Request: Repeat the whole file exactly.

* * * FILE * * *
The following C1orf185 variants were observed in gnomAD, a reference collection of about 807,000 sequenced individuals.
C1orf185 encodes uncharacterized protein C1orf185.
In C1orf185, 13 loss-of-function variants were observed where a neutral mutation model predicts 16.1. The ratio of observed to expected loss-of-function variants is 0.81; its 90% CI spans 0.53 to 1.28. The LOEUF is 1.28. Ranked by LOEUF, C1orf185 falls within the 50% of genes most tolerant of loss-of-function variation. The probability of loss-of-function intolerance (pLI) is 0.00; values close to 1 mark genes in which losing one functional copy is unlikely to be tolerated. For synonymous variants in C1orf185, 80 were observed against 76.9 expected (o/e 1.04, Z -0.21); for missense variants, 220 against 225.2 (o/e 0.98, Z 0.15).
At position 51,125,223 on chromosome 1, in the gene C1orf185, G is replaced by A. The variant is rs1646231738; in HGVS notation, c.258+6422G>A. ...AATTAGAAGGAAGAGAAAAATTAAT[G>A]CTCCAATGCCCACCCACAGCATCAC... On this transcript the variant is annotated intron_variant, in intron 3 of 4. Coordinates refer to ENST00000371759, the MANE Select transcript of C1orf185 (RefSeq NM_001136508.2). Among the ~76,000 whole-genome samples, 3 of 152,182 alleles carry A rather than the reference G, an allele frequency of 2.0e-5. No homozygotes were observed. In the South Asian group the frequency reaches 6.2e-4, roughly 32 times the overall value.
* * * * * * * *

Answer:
The following C1orf185 variants were observed in gnomAD, a reference collection of about 807,000 sequenced individuals.
C1orf185 encodes uncharacterized protein C1orf185.
In C1orf185, 13 loss-of-function variants were observed where a neutral mutation model predicts 16.1. The ratio of observed to expected loss-of-function variants is 0.81; its 90% CI spans 0.53 to 1.28. The LOEUF is 1.28. Ranked by LOEUF, C1orf185 falls within the 50% of genes most tolerant of loss-of-function variation. The probability of loss-of-function intolerance (pLI) is 0.00; values close to 1 mark genes in which losing one functional copy is unlikely to be tolerated. For synonymous variants in C1orf185, 80 were observed against 76.9 expected (o/e 1.04, Z -0.21); for missense variants, 220 against 225.2 (o/e 0.98, Z 0.15).
At position 51,125,223 on chromosome 1, in the gene C1orf185, G is replaced by A. The variant is rs1646231738; in HGVS notation, c.258+6422G>A. ...AATTAGAAGGAAGAGAAAAATTAAT[G>A]CTCCAATGCCCACCCACAGCATCAC... On this transcript the variant is annotated intron_variant, in intron 3 of 4. Coordinates refer to ENST00000371759, the MANE Select transcript of C1orf185 (RefSeq NM_001136508.2). Among the ~76,000 whole-genome samples, 3 of 152,182 alleles carry A rather than the reference G, an allele frequency of 2.0e-5. No homozygotes were observed. In the South Asian group the frequency reaches 6.2e-4, roughly 32 times the overall value.